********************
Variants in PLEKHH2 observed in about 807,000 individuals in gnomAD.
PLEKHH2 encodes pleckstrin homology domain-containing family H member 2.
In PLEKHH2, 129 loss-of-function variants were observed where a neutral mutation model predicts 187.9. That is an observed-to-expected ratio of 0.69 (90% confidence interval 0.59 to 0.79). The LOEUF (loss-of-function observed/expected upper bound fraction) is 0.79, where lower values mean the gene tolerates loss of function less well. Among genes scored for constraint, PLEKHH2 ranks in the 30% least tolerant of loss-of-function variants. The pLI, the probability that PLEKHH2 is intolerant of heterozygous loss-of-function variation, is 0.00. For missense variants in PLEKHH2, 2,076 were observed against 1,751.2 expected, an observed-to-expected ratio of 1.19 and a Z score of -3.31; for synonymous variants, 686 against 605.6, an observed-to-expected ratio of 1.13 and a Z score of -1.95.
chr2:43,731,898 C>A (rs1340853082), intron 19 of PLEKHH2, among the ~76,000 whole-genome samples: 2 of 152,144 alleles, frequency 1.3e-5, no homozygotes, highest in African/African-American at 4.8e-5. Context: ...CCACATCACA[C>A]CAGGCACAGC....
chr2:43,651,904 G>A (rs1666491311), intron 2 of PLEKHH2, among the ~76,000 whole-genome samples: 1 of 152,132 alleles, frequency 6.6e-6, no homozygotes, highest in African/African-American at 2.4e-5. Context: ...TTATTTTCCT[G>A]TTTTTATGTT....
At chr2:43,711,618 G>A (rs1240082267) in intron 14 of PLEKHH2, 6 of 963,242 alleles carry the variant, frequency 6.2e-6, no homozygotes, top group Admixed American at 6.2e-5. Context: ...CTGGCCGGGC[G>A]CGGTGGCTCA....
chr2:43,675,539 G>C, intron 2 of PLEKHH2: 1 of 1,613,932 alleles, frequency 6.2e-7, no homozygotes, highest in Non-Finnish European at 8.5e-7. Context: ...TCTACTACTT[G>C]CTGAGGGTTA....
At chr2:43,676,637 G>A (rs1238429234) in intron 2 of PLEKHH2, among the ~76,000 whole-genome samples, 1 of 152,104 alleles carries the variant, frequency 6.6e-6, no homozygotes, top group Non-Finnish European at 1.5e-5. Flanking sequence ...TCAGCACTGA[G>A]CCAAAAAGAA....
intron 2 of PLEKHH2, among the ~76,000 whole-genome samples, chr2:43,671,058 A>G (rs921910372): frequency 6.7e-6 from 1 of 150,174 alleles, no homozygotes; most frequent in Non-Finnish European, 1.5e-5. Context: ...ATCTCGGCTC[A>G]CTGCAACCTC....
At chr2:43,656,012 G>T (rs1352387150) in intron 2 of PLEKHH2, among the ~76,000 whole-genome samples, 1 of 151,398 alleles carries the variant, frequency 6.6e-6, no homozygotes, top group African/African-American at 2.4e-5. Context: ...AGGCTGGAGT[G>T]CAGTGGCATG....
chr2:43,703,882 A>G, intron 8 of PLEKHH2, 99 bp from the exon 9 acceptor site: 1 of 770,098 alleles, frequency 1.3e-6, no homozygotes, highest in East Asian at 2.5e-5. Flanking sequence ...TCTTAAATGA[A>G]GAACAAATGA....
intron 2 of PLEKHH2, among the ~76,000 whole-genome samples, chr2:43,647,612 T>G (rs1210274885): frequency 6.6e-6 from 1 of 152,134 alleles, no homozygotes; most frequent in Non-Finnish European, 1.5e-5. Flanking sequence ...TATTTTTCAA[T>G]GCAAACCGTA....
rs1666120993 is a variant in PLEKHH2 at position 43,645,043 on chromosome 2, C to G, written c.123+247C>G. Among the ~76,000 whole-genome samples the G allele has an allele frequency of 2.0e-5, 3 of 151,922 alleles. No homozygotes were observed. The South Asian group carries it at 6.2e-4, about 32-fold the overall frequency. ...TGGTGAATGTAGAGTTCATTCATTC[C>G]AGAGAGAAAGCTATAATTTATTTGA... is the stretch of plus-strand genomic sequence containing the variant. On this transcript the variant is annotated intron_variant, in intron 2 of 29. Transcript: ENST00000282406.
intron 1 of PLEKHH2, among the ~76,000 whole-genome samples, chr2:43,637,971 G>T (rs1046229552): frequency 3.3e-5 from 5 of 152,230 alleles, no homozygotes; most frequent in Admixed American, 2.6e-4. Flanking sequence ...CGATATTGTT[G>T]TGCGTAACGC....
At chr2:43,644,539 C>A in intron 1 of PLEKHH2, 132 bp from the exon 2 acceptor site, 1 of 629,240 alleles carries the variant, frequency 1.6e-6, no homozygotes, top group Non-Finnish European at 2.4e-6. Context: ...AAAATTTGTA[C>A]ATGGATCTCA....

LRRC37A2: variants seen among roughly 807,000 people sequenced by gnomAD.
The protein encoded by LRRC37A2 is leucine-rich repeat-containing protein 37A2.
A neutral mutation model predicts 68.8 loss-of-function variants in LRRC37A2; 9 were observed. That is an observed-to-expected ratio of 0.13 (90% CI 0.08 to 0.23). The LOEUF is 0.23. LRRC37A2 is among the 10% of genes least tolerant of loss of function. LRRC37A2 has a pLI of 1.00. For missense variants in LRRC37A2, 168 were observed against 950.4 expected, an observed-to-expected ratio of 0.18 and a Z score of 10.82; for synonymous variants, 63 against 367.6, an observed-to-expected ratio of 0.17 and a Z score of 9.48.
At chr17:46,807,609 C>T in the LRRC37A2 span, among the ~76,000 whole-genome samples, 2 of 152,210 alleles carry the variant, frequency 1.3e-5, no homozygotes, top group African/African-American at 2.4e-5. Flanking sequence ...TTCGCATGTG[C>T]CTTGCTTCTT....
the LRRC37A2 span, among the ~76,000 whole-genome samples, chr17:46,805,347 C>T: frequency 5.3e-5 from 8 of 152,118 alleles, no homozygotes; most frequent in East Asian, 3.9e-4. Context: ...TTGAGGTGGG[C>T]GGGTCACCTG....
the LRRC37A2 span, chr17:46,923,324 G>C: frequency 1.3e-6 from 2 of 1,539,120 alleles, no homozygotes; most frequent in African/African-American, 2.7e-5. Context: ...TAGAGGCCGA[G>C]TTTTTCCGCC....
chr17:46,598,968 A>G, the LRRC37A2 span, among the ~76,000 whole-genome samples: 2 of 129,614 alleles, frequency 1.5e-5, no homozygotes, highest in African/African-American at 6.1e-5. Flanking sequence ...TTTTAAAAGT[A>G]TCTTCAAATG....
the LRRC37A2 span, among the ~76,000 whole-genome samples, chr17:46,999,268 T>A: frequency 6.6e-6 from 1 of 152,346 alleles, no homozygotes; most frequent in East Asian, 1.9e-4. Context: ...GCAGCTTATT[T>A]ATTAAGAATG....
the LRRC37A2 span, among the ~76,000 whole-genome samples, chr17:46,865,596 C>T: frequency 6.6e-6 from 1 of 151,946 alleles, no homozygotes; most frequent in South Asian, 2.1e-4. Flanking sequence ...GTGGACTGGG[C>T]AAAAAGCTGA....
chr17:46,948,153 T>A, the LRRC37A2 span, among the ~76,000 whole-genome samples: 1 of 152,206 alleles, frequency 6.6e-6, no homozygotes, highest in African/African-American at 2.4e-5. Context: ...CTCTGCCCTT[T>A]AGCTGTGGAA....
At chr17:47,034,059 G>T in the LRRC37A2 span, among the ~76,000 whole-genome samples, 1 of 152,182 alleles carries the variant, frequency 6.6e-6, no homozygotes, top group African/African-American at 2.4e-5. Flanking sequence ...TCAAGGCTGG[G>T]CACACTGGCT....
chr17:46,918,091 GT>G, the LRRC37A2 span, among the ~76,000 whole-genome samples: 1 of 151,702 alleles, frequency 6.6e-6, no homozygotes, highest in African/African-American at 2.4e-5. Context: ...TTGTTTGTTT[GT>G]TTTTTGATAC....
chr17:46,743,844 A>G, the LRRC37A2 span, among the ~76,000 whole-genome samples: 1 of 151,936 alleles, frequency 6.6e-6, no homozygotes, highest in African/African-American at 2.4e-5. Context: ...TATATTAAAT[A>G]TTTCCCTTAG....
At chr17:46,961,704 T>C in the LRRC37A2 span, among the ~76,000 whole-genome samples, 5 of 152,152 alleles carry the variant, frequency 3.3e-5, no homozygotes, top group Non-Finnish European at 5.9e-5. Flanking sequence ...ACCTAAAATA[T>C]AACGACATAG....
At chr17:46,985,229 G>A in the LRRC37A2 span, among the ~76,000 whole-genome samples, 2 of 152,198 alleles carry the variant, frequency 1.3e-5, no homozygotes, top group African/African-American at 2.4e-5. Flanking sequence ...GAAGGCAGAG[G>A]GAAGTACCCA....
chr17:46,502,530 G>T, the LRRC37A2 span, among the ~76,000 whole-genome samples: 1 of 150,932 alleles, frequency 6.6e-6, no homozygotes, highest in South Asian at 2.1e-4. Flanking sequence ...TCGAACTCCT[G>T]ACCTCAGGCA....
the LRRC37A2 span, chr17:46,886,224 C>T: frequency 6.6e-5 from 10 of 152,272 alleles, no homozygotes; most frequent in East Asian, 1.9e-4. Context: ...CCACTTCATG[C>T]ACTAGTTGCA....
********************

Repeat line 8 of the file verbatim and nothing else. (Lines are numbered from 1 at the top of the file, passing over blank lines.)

At chr2:43,676,637 G>A (rs1238429234) in intron 2 of PLEKHH2, among the ~76,000 whole-genome samples, 1 of 152,104 alleles carries the variant, frequency 6.6e-6, no homozygotes, top group Non-Finnish European at 1.5e-5. Flanking sequence ...TCAGCACTGA[G>A]CCAAAAAGAA....